One of the conclusions that fans have come to realize after Gilbert Melendez's domination of creative submission artist Shinya Aoki on Saturday evening during Strikeforce's Nashville event is that Aoki has been highly overrated for a number of years. The blame can't solely be laid on fans, writers, and analysts, and while I'm sure there will be plenty of discussion from fans saying that they predicted that Aoki would crumble to American competition -- the fact of the matter is that we need the proof to back up the claims.
Melendez's range striking, punches into the guard, and ability to maintain posture and avoid Aoki's submission attempts completely demolished any idea that Aoki had about trying to effectively produce offense in the battle. In fact, the fight was an one-sided beatdown that has caused a re-thinking in where Aoki would stand in rankings, in discussions regarding UFC competition, and in a broader case -- where Japanese MMA stands.
As Luke Thomas pointed out in his radio broadcast with 106.7 The Fan, I also agree that Aoki probably couldn't beat Tyson Griffin in the UFC, and he's a lower top ten fighter. Why the sudden change? We now have evidence that supports all the claims that elite wrestlers with decent striking can batter the Japanese phenom. Unfortunately, the UFC lightweight division is littered with those same fighters, and many of North America's up and comers fit the same mold as well.
But I want to touch more on the broader arguments from fans. More specifically, there have been some arguments that Japanese MMA is simply unable to compete with the systems of fighting developed in North America and Brazil.
The interesting part about the entire argument is that it's brought me to a point where I need to think about why there is this appeal to find the next great Japanese fighter, even among hardcore fans. Maybe it stems from the glorious days of PRIDE, the viewings of older Shooto events in which Japanese fighters took a beating and kept on ticking, or possibly the honor, pageantry, and pride they've showed during events in their homeland. I'm not sure exactly what it is, but there is this interest from the hardcore fanbase in finding this super athlete in a land where mixed martial arts is molded into the culture.
Will Japan ever produce such fighters? We could take a meticulous look at their systems within the country such as their amateur wrestling programs, Judo and Karate programs, and all of the various training available, but most of us come back to the conclusion that the collegiate wrestling program in the United States is the sole reason why North American fighters continue to have huge success and Japanese fighters lose in those match-ups.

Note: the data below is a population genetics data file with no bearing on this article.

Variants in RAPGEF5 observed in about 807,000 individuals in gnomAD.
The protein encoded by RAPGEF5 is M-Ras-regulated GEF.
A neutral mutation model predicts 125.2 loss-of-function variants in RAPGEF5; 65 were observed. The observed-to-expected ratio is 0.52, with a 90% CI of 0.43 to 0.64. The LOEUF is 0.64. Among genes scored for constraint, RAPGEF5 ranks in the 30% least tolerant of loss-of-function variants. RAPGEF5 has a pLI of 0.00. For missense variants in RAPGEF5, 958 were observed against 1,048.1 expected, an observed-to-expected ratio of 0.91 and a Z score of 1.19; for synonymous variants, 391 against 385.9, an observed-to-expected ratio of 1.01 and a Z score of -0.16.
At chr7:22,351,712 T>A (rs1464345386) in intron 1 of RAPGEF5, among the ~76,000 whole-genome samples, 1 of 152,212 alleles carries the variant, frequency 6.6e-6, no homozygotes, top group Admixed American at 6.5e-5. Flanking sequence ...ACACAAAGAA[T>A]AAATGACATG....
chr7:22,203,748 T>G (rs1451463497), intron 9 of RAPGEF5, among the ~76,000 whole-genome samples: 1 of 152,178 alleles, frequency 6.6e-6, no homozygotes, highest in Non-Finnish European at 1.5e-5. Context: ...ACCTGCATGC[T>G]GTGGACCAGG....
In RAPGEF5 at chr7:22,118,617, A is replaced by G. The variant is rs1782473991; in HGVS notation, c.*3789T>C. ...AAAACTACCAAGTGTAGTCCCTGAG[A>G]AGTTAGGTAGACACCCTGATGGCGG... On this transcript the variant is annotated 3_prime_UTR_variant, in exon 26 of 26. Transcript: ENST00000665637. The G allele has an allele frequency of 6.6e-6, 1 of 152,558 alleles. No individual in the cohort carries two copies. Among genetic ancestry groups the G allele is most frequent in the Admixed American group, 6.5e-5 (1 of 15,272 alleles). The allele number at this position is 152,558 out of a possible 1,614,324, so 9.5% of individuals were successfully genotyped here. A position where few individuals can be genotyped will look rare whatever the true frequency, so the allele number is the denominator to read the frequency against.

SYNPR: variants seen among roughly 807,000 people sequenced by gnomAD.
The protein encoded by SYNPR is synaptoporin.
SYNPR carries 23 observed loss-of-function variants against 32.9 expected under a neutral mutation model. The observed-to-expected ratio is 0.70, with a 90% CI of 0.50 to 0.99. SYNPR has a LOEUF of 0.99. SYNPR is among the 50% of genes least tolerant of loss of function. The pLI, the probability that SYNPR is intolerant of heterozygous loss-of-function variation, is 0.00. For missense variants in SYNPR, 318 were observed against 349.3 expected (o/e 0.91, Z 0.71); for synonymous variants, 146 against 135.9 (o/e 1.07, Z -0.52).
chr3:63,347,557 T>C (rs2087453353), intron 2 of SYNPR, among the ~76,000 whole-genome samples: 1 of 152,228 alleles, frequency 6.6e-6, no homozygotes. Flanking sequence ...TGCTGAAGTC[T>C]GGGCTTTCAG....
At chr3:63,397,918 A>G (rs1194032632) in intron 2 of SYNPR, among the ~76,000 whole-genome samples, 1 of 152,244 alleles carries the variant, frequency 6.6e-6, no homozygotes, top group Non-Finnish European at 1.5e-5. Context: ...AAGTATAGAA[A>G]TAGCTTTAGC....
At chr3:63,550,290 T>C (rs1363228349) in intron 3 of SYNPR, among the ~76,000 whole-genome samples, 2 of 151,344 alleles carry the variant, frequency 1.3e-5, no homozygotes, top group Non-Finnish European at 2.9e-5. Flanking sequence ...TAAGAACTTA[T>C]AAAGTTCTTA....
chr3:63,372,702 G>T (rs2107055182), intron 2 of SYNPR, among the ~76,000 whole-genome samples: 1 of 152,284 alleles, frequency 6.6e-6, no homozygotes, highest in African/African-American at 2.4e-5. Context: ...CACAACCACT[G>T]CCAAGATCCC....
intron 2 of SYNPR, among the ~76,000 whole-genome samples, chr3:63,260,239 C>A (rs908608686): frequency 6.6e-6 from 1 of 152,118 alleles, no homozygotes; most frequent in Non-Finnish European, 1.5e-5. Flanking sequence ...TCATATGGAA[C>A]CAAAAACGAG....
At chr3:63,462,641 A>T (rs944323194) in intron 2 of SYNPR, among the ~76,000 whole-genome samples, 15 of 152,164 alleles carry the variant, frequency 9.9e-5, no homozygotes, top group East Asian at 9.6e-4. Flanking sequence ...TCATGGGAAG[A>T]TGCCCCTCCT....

Japan also struggles to accept the measures of weight cutting and having guys fight at a weight that's advantageous to their success. Michihiro Omigawa's drop in weight created a monster. Why aren't more guys doing that?
Eventually, an Asian-born fighter will shock the world and become a real threat to the top competition, but those nations will need athletes who are willing to travel for training and fully commit to becoming the best. Right now, the only hope left at lightweight is for Tatsuya Kawajiri, who has solid wrestling and a brawling style of striking, to go on a miraculous run in Strikeforce and then head to the UFC. Will he do it? Probably not.
Hatsu Hioki is the only real threat to a top spot in any division in mixed martial arts. But there is the always-present problem of crossover battles and switching from Japan-based promotions to the United States. Hioki has fought a few times in the States with success against lesser grapplers than himself, but how would he fair against the aggressive wrestlers of North America? It's something I'd like to find out.
The hardcore fan in me would love to see some sort of change in Japan from their camps and their athletes, and with that change -- a supreme athlete born to resurrect a dying Japanese MMA market. It may be too little, too late as there are already signs of a demise, but rest assured -- MMA will continue in the tiny country to our West. One day, it'll rise again.